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I have a real thing for discrete weapons. It might be a focus I have on concealed carry, but it’s extended to more melee type weapons as well. Part of this love of discrete weapons leads to weapons made from nontraditional materials, like carbon fiber, G-10, and all variance of polymers. These weapons are typically incredibly light and invisible to metal detectors and make me feel spy-like. The Ka-Bar TDI Shark Bite is one such weapon.
Ka-Bar’s TDI series are very distinctive knives that position the blade at a 90ish degree angle. These knives were made specifically for police officers as a last-ditch weapon for self-defense purposes. The TDI Sharkbite variant is an all-polymer variant made of something called Ultramid. This super lightweight polymer design forms the Shark Bite’s entirety and creates a rather exciting self-defense knife.
An all-polymer knife isn’t made to cut up cardboard, cut through rope, tape, or other EDC tasks. It’s made for self-defense purposes. The TDI’s design is also not lent to EDC tasks, so when you make a polymer TDI, you only have one real option for it.
General Dimensions and Blade Details
The TDI Sharkbite has an overall length of 5.125 inches with a 2.625-inch blade and a handle length of 2.625 inches. The cutting edge is 2.125 inches long on the main portion of the blade. The blade has a quasi dagger-like design that leaves the top of the blade with about half the bottom part’s cutting edge. The point is a spear point design.
The TDI Sharkbite weighs a mere 2.4 ounces, and it feels like nearly nothing. The included sheath is also polymer and lightweight. The TDI Sharkbite is super easy to carry and disappears as a concealed carry weapon.
The entirety of the knife is made from Ultramid. Ultramid is a polymer, but it seems like the fancy term for it is molding compound. This ‘molding compound’ is known for its high mechanical strength, stiffness, and stability variance regarding temperatures. As far as the Sharkbite is concerned, the best property of Ultramid is its impact resistance. According to my research Ultramid is perfect for this type of weapon. It won’t crack, bend, or break when driven hard into a target.
I set up 12 layers of cardboard (thanks Amazon and Christmas shopping), duct-taped them together, and then taped them to a pole. I drove the Sharkbite into the cardboard a half dozen times, and each time it penetrated through all twelve layers, and the point struck the wood. I was pleasantly surprised at the blade’s ability to penetrate.
I attempted a few slashes, and while it made abrasions in the cardboard, this is not a very effective slashing weapon. It wouldn’t be a pleasant situation to be in, but it’s better at stabbing
The tip did dull a fair bit from those few attacks into the cardboard. Sharpening the point is possible with a file or using a blade from a pocket knife. This does make the tool disposable, but it’s a tool you’d use in a fight, not for everyday tasks. If you only use it for one fight, it’s likely worth the low admission cost.
Handle, Ergonomics, and Sheath
The 90-degree positioned blade makes this a quasi punch dagger, and the handle works well for that. The handle itself is short and thin, but the curved design offers you an excellent grip on the blade. Your thumb sits on top of the grip, and the jimping on the back of the blade shows you exactly where to rest your thumb. The grip and the blade work together for a good retention based grip. Due to how the handle is designed, there is no need for aggressive texturing, which is great because you don’t get any.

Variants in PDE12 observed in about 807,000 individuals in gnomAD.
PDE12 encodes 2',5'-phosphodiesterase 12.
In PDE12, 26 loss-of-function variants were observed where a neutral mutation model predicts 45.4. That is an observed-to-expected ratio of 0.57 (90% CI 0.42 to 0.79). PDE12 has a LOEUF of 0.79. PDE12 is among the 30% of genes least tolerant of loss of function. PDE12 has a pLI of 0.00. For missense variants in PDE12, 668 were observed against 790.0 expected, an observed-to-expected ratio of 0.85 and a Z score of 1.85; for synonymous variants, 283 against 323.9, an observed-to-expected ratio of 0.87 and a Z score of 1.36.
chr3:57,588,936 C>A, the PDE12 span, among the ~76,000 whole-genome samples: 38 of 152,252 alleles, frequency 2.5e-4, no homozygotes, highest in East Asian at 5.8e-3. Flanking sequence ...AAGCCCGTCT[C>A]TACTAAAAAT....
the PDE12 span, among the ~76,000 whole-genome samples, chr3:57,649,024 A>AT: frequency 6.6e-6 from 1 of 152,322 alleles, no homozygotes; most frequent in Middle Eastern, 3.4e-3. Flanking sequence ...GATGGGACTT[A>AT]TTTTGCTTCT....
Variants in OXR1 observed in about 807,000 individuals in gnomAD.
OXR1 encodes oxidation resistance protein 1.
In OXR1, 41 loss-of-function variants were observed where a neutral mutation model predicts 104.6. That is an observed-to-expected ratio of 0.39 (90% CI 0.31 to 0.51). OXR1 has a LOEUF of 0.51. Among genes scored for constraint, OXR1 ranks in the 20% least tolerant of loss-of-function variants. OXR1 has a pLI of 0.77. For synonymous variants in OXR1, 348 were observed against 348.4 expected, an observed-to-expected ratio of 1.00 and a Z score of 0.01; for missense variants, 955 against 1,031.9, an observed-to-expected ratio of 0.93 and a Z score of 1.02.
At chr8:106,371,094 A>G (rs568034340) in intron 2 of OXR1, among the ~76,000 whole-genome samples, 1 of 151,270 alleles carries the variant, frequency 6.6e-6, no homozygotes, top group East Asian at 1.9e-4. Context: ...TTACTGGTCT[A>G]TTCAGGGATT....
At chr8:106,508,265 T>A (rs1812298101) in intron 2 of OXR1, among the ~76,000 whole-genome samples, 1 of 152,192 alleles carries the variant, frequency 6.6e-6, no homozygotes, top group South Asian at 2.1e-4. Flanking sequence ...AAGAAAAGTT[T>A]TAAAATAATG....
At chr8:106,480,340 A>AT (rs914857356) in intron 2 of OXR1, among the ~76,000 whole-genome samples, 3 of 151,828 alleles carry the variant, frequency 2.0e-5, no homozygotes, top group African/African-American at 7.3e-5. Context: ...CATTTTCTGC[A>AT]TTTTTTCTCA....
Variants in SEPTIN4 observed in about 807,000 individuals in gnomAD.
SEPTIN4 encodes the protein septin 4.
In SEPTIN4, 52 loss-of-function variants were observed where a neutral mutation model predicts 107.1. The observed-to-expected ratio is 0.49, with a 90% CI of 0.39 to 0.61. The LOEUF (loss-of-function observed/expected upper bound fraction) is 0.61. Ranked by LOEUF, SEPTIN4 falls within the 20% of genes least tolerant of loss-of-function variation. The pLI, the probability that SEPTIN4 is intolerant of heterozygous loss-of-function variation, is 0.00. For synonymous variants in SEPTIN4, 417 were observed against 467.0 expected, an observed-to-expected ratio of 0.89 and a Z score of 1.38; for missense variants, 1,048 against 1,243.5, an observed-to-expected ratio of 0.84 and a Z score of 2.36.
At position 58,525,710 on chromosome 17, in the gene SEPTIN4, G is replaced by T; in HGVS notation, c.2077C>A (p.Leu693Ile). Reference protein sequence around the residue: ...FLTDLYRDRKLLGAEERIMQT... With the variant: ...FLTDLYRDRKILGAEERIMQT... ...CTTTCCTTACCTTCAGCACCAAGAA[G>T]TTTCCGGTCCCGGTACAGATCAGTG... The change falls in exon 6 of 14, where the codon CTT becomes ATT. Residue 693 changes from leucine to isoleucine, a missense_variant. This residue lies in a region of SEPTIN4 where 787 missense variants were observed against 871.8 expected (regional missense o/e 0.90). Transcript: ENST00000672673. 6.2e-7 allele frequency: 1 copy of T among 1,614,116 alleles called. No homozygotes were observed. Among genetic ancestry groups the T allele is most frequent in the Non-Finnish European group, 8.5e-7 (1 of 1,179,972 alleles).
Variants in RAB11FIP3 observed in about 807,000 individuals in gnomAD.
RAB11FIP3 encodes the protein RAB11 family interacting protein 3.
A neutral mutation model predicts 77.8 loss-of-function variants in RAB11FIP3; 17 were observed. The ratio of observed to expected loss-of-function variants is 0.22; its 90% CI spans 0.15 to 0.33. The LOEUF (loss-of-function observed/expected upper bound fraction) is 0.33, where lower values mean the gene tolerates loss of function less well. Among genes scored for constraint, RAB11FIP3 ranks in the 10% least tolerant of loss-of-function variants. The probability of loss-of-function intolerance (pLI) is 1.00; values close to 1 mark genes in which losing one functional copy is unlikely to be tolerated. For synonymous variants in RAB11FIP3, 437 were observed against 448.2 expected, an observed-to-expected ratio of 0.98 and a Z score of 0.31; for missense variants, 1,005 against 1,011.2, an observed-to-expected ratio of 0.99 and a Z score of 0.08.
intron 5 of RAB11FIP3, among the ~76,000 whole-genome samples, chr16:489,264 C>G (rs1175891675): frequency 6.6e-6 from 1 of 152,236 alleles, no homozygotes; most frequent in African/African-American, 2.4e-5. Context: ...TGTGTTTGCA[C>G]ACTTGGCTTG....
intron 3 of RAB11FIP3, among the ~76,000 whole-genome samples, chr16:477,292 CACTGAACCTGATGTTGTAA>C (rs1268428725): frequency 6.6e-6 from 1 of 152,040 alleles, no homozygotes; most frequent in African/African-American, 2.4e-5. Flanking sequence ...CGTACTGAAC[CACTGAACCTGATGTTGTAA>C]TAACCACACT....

When striking with the TDI, there is an impact point behind the blade that strikes your finger. It causes some pain as it digs back into your trigger finger. This little pain is unlikely to be noticed when the TDI is used defensively.
The sheath is all polymer and designed to accommodate a variety of carrying styles. This includes on the belt, around a necklace, into a MOLLE section, or even laced into your boots. The lightweight design also makes carrying the knife easy, but the sheath is a little bulkier than it needs to be.
The blade weirdly locks into the sheath. The blade has a cutout in the middle that locks into two posts that are part of the sheath. To deploy the blade, you have to press down on the posts with your finger and lift with your hand. The sheath covers the edge portions of the Sharkbite, but the majority of the knife is left exposed.
TDI Sharkbite Review – Final Thoughts
The TDI Sharkbite is a compact and well-designed polymer-based knife, that is half impact weapon and half stabbing tool. It’s solely for self-defense and will disappoint you if you choose to try it for anything else. The Ultramid blade is a smart design that is impact resistant and suited for the Sharkbite’s design.
The polymer design does allow you to squeeze passed metal detectors, but you’ll still be breaking the law should you take the knife into an airport or courthouse. If you want to get through an area with metal detectors that don’t have the force of law backing their use, then the Sharkbite is a perfect choice.
The ultra-lightweight design makes it convenient to carry, but the sheath is somewhat bulky. However, the sheath’s polymer design would allow it to be easily modified and trimmed via Dremel tool.
The TDI Sharkbite is super cheap, often selling for less than twenty bucks online. The Sharkbite is a discrete self-defense tool that is worth the few bucks it costs. It’s not perfect, but in a last-ditch situation, it’s better than harsh words.
- Made in United States
- The KA-BAR/TDI (Tactical Defense Institute) Shark Bite is made completely of Ultramid B3EG6, a synthetic hard plastic material
- Features a 2.625" long and 1.438" wide blade.
- The overall length is 5.125" and the approximate weight is 0.15 lb..
- The Shark Bite comes with an Ultramid sheath and 24" #3 black epoxy coated steel ball chain.